Can a 'Trumpian' Foreign Policy Stick?

Nikolas K. Gvosdev

No one who has read Colin Dueck's Age of Iron: On Conservative Nationalism would have been surprised in the least by the kabuki dance Republican legislators have engaged in ever since President Donald Trump announced American disengagement from northern Syria. The initial reaction, in keeping with the broad tenets of the internationalist approach defined by forward U.S. engagement that is the preferred prism in Washington for interpreting policy, was to criticize the decision. Then, when reactions from the Republican voter base suggested that the “betrayal of the Kurds” line which characterized the responses during the initial twenty-four hours following the decision was not broadly resonating, the discussions shifted to assessments of what course of action would prove most advantageous to the national interest. The October 16, 2019, resolution in the House of Representatives condemning the action passed with bipartisan support, but sixty Republican House members chose to cast votes against it—and not just members from the smaller caucus of non-interventionist/strategic restraint conservatives. The dominant narrative—of a surrender of U.S. leadership—prevailed, but the counter-narrative expressed by the President—why are we there—showed that it could gain traction.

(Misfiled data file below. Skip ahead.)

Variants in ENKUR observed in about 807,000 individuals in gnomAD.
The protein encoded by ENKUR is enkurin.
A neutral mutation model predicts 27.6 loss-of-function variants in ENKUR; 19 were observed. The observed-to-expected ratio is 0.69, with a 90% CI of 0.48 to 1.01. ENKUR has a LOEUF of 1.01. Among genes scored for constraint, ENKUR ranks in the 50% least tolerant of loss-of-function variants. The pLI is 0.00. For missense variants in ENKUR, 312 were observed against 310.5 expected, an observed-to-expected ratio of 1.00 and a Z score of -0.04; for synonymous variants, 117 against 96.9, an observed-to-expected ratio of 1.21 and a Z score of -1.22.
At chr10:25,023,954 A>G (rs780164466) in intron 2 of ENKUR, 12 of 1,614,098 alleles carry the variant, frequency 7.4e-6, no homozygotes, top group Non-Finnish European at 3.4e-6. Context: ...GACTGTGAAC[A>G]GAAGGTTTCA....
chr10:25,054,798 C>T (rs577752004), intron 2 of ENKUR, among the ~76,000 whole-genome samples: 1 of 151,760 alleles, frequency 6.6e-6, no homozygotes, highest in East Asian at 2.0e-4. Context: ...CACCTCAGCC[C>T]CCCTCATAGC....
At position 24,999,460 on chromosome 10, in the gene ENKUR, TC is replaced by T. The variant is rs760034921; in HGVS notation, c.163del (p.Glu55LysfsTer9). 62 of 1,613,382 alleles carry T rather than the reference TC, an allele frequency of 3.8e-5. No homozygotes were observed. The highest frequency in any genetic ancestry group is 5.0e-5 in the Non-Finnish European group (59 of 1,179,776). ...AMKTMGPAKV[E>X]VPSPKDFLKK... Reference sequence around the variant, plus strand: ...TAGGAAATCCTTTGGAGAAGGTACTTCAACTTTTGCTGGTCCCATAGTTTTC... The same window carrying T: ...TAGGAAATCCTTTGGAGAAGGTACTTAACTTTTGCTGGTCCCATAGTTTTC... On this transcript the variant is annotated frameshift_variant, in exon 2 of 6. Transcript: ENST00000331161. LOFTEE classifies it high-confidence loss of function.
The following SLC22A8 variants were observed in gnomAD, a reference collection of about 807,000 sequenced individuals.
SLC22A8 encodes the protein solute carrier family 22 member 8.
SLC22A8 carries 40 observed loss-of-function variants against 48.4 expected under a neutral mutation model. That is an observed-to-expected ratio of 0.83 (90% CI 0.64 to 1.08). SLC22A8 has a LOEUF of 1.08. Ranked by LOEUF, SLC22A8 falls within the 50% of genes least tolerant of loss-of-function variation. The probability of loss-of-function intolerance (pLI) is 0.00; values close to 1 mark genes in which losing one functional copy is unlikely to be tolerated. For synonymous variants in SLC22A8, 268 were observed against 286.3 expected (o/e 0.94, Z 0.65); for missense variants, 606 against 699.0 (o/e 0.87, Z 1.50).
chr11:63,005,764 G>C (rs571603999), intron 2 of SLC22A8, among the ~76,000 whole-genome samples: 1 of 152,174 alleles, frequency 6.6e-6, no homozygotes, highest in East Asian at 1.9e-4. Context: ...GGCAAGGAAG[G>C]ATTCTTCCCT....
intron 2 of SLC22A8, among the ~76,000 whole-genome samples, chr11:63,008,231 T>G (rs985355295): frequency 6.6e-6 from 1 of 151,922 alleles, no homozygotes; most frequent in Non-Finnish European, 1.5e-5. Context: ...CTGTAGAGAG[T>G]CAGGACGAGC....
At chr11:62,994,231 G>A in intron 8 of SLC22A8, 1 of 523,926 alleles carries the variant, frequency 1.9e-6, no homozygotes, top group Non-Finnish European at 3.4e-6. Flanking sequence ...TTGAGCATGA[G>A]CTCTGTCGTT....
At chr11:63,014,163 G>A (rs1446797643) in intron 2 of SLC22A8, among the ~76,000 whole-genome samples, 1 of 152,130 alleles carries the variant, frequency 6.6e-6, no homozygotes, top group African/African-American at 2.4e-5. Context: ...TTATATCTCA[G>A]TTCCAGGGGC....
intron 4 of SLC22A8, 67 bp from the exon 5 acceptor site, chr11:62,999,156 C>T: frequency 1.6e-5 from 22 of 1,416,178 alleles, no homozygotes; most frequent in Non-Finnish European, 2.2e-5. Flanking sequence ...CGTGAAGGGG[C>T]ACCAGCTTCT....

This is because the Syria question triggered fault lines between Republican internationalists and Republican nationalists. For much of the post-Cold War era, these differences were largely subsumed under an assessment that linked robust American involvement abroad with national strength and wellbeing at home. Dueck notes that “Donald Trump rearranged and broke down this expected pattern by locating and emphasizing new sources of division within the Republican Party.” One of those areas has been a challenge to the mantra that the peace and security of other parts of the world is both necessary for U.S. peace and security—and that the United States must be prepared to do the heavy lifting to achieve those ends. Republican internationalists may start from the premise that forward engagement abroad is the starting point for peace and security at home, but Republican nationalists prefer to examine threats and challenges on a case-by-case basis.

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